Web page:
The Campaign Against Polio: Faisal al-Mohammad
In 2015, Faisal al-Mohammad fled Aleppo city. The outbreak of the war and escalation of bombardments on the city by the Syrian government forced Faisal to abandon his studies at the University of Aleppo. He fled southwest to the countryside of Idlib and found himself on a public health campaign to vaccinate children against polio.
Back 2013, an outbreak of the polio in the eastern province of Deir al-Zour had paralyzed more than a dozen children. It was the first case of polio in Syria in 14 years. By 2014, confirmed polio cases had also been reported from Aleppo, al-Hasakeh, and Idlib. The disease was spreading.
Polio is a highly infectious viral disease, which mainly affects young children. While initial symptoms include fever and limb pain, the disease can also cause paralysis, which is often permanent. With no cure, polio can only be prevented by immunization.
Once polio emerges in a population, it is difficult to eradicate. It is resistant to common disinfectants and is able to survive for long periods in food, water, and sewage. Health experts estimate the each diagnosed case of polio correlates with roughly a thousand infected people.
In response, a coalition of nonprofit organizations recruited and deployed thousands of volunteers for a polio immunization campaign.
Faisal Al-Mohammad joined this campaign in northern Syria.
In 2013 while still in Aleppo, Faisal began working with the polio task force that immunized children in the country’s embattled north. With a team of 15 people, he embarked on a grassroots campaign that went door-to-door to immunize children.
The campaign was not without risk. Vaccinators faced shells, barrel bombs, and snipers—with four volunteers killed in 2014. Despite the security issues, Faisal helped vaccinate more than 4,000 children—around 500 children per campaign period.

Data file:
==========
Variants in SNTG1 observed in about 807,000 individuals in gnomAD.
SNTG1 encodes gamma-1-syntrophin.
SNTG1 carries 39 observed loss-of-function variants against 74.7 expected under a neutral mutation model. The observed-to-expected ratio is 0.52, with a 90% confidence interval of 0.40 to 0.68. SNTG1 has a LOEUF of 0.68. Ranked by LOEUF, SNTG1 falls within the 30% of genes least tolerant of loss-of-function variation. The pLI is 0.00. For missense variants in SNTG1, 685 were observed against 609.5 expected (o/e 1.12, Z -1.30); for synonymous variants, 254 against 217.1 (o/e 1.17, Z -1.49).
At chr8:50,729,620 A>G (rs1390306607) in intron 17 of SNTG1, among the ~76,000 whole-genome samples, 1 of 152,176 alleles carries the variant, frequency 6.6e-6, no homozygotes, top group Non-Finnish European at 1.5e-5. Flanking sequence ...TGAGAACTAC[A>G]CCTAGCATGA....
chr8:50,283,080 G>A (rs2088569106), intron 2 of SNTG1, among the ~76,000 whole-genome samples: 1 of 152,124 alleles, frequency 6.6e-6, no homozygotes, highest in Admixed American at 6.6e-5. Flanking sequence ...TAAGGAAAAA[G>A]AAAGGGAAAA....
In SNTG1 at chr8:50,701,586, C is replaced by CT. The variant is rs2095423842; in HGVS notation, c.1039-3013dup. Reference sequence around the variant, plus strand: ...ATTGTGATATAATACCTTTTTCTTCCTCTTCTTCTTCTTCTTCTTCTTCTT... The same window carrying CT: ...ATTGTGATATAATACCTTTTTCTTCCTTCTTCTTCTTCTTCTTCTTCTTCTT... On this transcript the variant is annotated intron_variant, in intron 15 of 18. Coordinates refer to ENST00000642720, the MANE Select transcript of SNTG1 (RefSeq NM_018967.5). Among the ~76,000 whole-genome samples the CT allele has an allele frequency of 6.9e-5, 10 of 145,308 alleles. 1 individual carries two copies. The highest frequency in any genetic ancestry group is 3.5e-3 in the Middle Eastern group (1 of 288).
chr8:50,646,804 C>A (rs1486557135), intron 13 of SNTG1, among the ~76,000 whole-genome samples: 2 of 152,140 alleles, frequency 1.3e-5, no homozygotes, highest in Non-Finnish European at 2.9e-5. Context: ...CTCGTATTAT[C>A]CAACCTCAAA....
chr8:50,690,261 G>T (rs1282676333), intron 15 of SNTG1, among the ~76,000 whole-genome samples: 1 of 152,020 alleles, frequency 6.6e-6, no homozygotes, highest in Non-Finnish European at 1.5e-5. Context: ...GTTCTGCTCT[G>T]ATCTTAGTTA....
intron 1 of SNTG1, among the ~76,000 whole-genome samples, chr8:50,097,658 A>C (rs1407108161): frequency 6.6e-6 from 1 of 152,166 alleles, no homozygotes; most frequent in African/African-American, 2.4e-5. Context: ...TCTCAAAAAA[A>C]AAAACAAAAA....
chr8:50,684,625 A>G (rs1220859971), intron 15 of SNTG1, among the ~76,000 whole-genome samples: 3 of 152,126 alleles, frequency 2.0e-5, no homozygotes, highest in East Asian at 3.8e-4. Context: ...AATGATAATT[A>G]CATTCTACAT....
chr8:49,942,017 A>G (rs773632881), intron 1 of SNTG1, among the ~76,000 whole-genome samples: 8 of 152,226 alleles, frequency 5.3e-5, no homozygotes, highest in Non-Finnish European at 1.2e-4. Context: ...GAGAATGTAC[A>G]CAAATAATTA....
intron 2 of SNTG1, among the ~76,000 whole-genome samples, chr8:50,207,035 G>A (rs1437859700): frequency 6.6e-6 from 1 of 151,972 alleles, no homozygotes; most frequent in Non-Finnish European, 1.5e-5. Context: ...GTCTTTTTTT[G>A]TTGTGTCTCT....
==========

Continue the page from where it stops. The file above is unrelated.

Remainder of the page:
Faisal and the team expanded the campaign by opening facilities in the countryside of Idlib and Aleppo. They began to administer other vaccines, including for the flu. From these facilities, Faisal branched out to reach underserved villages.
The polio immunization campaign has vaccinated millions of children across Syria. But there the work is not done. In 2018, polio vaccinators are reaching some areas of Syria, like Raqqa, for the first time in years. In Deir er-Zor, where the outbreak began, the disease has reemerged with newly reported cases.
Today, Faisal continues his work for the vaccination campaign in the Idlib countryside. “Our motivation is humanity and caring for our children,” he said.
Syrian Voices is a new video series created by MFA to share the personal stories of people affected by the crisis. By letting Syrians speak in their own words, Syrian Voices aims to help us all better understand the impact of the humanitarian crisis and share the lives, challenges, aspirations, strengths, and successes of the Syrian people.
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